Data collection


A structured questionnaire was used to collect data on demographic information, determinant factors, explanatory variables and environmental related factors. The questionnaire were collected by trained health officers via face to face interview of parents/guardian of the children.

Parasitological examination

Blood sample collection and examination

Blood sample was collected by finger prick from each study participant for parasite detection. Both thick and thin blood films were prepared on a single slide. In the thick film preparation, three drops of blood were distributed over an area of 1cm2 at one end of the slide. Thin films were alsoblood prepared by evenly distributing a drop of blood on the other end the slide. Slides were labeled, dried, fixed with methanol alcohol (thin films only), and stained using 10% Giemsa stain solution for 30 min). The stained blood films were washed with distilled water and then air dried. The plasmodia were detected on the thick blood films, whereas species identification was done on the thin film.

Quality assurance

To ensure reliability of data collection, training was given for data collectors. Application of standard procedures and accuracy of test results was supervised by the principal investigator. To eliminate observer bias, thick blood film slides were examined independently with two experienced laboratory technicians and 10% of the thick blood film slides was randomly selected and read by another technician as a quality control. The results of their observations were recorded for later comparison on separate sheets.

Data analysis

Data were entered and analyzed using SPSS version 20 statistical software. The incidence of Plasmodium infection was computed using descriptive statistics and the chi-square. Strength of association between Plasmodium infection and determinant factors were computed by bivariate analysis. Those variables with a statistical significance and relevance to our research question in the bivariate logistic regression were taken to multiple regression analysis and the AOR was calculated to control potential confounders. P-values less than 0.05 were taken statistical significant.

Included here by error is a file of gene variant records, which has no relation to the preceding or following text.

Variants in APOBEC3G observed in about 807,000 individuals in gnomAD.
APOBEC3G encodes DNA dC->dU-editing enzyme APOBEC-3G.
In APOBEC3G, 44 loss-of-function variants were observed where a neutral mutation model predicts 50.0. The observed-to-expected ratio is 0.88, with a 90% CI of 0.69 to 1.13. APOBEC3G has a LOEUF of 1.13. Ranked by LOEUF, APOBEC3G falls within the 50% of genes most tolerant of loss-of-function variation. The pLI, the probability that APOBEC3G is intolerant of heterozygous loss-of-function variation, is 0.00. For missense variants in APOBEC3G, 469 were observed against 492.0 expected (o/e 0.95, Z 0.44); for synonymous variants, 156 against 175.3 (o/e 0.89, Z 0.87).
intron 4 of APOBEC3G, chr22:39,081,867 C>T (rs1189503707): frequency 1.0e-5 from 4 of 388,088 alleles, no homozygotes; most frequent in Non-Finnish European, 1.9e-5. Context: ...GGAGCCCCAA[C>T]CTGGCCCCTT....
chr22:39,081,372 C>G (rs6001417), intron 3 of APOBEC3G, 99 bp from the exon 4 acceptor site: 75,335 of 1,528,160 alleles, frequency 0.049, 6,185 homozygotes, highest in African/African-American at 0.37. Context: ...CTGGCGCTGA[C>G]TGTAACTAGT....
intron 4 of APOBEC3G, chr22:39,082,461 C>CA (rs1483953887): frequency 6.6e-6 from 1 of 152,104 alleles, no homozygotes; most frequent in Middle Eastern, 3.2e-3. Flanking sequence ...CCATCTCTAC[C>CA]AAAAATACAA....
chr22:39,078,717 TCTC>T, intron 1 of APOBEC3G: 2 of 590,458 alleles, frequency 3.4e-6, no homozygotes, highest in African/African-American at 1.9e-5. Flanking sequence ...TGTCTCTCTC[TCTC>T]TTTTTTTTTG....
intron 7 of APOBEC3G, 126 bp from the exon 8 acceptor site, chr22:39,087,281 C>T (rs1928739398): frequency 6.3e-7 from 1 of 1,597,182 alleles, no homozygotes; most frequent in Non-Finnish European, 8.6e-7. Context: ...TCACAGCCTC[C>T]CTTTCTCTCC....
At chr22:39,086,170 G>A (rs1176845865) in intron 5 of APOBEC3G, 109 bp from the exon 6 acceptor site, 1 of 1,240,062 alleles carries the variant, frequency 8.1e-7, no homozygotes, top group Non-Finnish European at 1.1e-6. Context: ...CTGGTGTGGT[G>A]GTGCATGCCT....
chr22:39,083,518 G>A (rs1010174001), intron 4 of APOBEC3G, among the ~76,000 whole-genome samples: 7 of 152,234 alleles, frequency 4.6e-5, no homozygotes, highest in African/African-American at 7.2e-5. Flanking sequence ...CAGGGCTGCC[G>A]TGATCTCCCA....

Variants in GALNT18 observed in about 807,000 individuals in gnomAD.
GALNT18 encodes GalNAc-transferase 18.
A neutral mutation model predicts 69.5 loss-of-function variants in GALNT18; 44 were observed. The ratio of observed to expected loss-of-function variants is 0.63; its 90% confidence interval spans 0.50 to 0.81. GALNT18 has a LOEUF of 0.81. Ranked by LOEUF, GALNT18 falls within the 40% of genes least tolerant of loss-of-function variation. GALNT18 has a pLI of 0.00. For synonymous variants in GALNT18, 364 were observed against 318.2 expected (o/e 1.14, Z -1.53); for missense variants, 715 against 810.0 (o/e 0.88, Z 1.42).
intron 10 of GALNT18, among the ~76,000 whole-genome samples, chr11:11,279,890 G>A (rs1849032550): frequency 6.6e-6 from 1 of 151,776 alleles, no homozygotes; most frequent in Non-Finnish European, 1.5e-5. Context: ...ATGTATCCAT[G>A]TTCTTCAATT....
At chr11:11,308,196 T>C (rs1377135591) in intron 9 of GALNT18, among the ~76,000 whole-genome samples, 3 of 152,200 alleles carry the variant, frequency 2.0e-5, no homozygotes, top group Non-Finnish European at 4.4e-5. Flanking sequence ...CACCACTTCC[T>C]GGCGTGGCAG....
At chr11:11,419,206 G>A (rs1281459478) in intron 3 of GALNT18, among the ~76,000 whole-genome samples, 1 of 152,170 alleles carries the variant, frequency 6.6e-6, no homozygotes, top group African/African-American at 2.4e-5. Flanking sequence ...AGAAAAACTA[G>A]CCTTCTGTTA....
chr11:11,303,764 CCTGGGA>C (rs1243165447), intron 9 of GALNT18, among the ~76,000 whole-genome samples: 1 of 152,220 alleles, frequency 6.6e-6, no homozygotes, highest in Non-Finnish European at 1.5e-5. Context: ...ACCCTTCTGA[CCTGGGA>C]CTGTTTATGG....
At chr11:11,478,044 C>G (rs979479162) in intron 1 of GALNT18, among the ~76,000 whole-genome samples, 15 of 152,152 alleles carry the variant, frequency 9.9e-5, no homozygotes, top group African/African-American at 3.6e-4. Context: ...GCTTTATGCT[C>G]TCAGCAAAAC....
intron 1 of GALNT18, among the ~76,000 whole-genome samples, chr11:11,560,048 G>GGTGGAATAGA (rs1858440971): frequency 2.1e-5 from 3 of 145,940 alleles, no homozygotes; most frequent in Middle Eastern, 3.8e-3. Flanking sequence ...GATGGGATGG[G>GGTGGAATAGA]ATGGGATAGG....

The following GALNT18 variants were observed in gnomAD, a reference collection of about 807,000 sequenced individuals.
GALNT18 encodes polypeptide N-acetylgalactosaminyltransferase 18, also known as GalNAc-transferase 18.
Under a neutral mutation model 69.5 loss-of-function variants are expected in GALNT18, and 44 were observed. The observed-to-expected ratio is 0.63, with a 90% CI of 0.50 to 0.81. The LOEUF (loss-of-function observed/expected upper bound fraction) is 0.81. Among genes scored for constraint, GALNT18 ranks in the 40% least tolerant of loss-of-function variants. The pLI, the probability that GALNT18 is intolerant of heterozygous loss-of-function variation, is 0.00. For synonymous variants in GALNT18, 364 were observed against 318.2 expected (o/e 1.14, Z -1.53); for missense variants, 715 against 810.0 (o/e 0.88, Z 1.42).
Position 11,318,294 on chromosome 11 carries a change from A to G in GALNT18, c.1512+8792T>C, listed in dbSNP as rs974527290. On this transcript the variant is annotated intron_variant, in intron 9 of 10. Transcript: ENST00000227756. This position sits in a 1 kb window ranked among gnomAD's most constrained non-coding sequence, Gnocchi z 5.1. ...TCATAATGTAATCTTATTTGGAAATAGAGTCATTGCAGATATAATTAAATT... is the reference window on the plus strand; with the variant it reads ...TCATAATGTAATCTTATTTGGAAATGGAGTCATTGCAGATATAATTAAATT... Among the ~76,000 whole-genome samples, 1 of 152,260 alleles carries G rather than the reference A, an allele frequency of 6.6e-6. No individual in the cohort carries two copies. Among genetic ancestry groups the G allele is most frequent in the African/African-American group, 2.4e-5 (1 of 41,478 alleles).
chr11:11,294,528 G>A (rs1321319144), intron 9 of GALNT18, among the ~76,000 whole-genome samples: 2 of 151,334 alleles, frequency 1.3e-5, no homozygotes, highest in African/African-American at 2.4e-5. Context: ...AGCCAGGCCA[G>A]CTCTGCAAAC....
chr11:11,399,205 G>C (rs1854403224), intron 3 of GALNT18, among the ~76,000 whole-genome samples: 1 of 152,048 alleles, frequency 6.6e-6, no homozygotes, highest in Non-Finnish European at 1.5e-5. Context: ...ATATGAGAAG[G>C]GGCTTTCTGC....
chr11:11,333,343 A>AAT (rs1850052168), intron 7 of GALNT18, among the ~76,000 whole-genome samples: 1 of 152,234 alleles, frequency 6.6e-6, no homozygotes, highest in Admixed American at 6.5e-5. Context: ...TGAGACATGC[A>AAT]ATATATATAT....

A total of 333 febrile school-age children were included in this particular study. The range and mean age of the study participants’ were 8 and 11 years, respectively. The majority of cases (57.4%) were in the age range 11–14 years. Most of the participants (98.5%) were Orthodox Christianity followers. Two hundred seventy three (82%) febrile cases were rural inhabitants (Table 1).

Table 1 Socio-demographic variables of children infected with malaria in Jawe district, Northwest Ethiopia, 2016

A total of 131 (91%) school children were infected with Plasmodia among school children who live in an area below 1 km from stagnant water. The number of plasmodium infected school children in DDT sprayed homes was 122 (87.8%). The prevalence of Plasmodium infection among-age school children of a household with a family size of five or more, those who regularly sleep after 22:00 h, sleep outside home and didn’t sleep under a bed net were 110 (81.5%), 119 (89.5%), 127 (84.7), and 126 (94.7). respectively (Table 2).

Table 2 The distribution Plasmodia with respect tocertain determinant factors in Jawe district, Northwest Ethiopia

The odds of malaria infection was 98% lower in children who live in DDT sprayed homes than non-sprayed counter parts (AOR: 0.02 [95% CI: 0.0–0.88]. The odds of Plasmodium infection was about 40 times higher in children who live near a stagnant water (AOR: 43.2 [2.75–680.7]. The odds of malaria infection was 36 times higher in children who sleep outside their home (AOR: 36.6 [2.4–554.2] (Table 3).

Table 3 Determinants of malaria infection among children in Jawe district Northwest Ethiopia


Malaria remains one of the most important causes of morbidity and mortality among school-age children. Currently, there is an increasing interest in malaria in school-age children as malaria may interfere with a child’s educational development [15]. Malaria is also one of the major causes of school absenteeism in school-age children of malaria-endemic areas. An earlier study conducted in Nigeria revealed that an average of three school days was lost per episode of malaria [16]. Another study also indicated that infected primary school children had lower test scores for abstract reasoning and sustained attention compared with uninfected children in Uganda [17].

Multivariate logistic regression revealed significant associations between malaria infection and several independent variables. For instance, regular bed net utilization was associated with lower odds of malaria infection in our study. The reported prevalence of sleeping under a net in this study was 60.1%, indicating significant numbers of children were not protected in the study area. This goes in line with surveys in most malaria endemic areas of Africa where school-age children sleep under nets less often than any other age group. For instance, results obtained from Malawi (16), and Cameron (17) revealed that school-age children slept under a bed net less frequently. In these endemic regions, there is a tendency for mothers slept under nets with their young children, while other household members slept under nets less frequently. Additionally, older children and adults are perceived to be less at risk and may use bed nets less frequently [8]. This may, in part explain higher infection prevalence of malaria among school-age children in the current study area.